1971 Commodore N25 (Matsumoku)Commodore was a brand applied to a series of guitars produced in Japan at the well-respected Matsumoku plant from the late 1960s to the mid 1970s - and sold primarily (perhaps exclusively?) in the United Kingdom. The models bearing the Commodore name were all guitars available from different distributors with different branding. Although there may have been some minor changes in appointments (specifically headstock branding) most had the same basic bodies, hardware and construction. Equivalent models to the Commodore N25 (and this is by no means an exhaustive list) include the Aria 5102T, Conrad 5102T(?), Electra 2221, Lyle 5102T, Ventura V-1001, Univox Coily - and most famously the Epiphone 5102T / Epiphone EA-250.

1960 Hofner Colorama II

1960 Hofner Colorama IIThe Hofner Colorama was the name given by Selmer to a series of solid (and semi-solid) body Hofner guitars distributed in the United Kingdom between 1958 and 1965. The Colorama name actually applied to some quite different guitars over the period, but in 1960 it was a very light, semi-solid, set necked guitar with one (Colorama I) or two (Colorama II, as seen here) Toaster pickups. Although an entry-level guitar, it was very well-built, and a fine playing guitar; certainly a step up (at least in terms of craftsmanship) from many of the Colorama guitars that would follow, and a good deal of the guitars available in Britain circa 1960.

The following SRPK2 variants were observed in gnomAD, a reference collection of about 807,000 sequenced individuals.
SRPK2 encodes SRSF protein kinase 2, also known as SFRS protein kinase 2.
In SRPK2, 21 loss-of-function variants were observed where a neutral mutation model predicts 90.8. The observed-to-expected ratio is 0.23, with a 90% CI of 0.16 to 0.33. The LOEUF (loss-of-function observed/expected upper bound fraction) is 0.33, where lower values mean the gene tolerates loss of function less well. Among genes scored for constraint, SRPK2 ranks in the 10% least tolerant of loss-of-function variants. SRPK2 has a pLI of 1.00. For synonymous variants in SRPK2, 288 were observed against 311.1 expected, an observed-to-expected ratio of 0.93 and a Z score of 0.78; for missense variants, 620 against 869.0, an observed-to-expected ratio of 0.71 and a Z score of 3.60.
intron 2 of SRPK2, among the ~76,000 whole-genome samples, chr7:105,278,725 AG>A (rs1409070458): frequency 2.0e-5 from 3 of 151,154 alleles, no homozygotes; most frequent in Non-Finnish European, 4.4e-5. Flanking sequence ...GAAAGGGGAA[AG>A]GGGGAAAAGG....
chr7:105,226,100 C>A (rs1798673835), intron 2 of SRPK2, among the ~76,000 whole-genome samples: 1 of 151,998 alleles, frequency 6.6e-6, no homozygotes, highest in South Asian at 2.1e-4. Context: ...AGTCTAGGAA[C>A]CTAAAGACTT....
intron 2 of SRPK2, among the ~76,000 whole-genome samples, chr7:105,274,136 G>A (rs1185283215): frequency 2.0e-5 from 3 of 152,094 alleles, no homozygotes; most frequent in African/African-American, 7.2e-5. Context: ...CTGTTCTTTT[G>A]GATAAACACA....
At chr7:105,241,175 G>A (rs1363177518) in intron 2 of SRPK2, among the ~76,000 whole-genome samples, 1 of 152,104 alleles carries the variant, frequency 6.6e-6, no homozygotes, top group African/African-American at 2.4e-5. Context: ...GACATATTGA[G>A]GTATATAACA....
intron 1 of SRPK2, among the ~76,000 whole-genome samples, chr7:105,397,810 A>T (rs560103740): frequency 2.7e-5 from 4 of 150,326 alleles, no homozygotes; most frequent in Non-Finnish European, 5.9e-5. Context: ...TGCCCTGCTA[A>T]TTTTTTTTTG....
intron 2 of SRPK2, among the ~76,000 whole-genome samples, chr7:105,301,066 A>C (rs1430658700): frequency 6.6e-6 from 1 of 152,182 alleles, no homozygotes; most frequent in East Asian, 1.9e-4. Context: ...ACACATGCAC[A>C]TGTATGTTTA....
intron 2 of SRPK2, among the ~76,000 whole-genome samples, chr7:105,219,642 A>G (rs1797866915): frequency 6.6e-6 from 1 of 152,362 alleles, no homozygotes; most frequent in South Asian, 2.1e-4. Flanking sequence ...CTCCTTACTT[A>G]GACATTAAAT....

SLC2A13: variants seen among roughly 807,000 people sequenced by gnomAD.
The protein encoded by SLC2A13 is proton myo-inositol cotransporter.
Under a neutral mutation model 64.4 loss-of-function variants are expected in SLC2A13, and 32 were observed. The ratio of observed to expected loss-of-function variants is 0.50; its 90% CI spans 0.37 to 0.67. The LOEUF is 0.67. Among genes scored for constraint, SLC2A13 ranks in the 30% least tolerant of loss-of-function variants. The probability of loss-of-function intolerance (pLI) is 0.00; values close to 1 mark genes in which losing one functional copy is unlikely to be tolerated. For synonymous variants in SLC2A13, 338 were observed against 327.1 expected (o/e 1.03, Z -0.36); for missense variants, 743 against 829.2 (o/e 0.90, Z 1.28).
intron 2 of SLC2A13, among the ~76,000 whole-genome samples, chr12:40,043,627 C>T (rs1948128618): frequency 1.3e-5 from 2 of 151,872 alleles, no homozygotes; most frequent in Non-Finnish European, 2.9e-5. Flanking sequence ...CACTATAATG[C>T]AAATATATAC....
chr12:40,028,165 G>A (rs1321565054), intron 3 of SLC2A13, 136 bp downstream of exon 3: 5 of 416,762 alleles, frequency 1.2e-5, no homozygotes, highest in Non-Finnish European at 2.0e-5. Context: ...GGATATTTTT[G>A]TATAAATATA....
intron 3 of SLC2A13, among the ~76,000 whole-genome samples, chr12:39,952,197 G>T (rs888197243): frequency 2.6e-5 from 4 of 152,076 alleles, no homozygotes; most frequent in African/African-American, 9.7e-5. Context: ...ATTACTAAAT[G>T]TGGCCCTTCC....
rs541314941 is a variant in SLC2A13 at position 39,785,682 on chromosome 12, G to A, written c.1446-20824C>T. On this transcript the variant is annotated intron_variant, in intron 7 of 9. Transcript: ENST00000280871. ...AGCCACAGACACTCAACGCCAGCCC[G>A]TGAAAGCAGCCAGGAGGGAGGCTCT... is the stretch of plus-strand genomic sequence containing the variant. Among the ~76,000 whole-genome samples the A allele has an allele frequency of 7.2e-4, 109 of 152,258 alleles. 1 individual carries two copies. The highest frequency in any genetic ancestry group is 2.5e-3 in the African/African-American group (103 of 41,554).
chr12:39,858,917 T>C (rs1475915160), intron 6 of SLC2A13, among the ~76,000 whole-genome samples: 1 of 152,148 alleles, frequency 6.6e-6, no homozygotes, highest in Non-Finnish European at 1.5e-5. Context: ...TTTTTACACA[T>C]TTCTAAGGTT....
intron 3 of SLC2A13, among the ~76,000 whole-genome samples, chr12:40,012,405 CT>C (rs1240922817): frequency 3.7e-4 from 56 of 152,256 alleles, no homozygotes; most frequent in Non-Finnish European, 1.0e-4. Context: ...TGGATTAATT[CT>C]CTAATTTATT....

1971 Epiphone 1820 bass (ET-280)

1971 Epiphone 1820 (ET-280) bassBy the end of the 1960s, a decision had been made to move Epiphone guitar production from the USA (at the Kalamazoo plant where Gibson guitars were made), to Matsumoto in Japan, creating a line of guitars and basses significantly less expensive than the USA-built models (actually less than half the price). The Matsumoku factory had been producing guitars for export for some time, but the 1820 bass (alongside a number of guitar models and the 5120 electric acoustic bass) were the first Epiphone models to be made there. These new Epiphones were based on existing Matsumoku guitars, sharing body shapes, and hardware, but the Epiphone line was somewhat upgraded, with inlaid logos and a 2x2 peghead configuration. Over the course of the 70s, the Japanese output improved dramatically, and in many ways these early 70s models are a low point for the brand. Having said this, there are a lot worse guitars out there, and as well as being historically important, the 1820 bass can certainly provide the goods when required.

1981 Gibson Marauder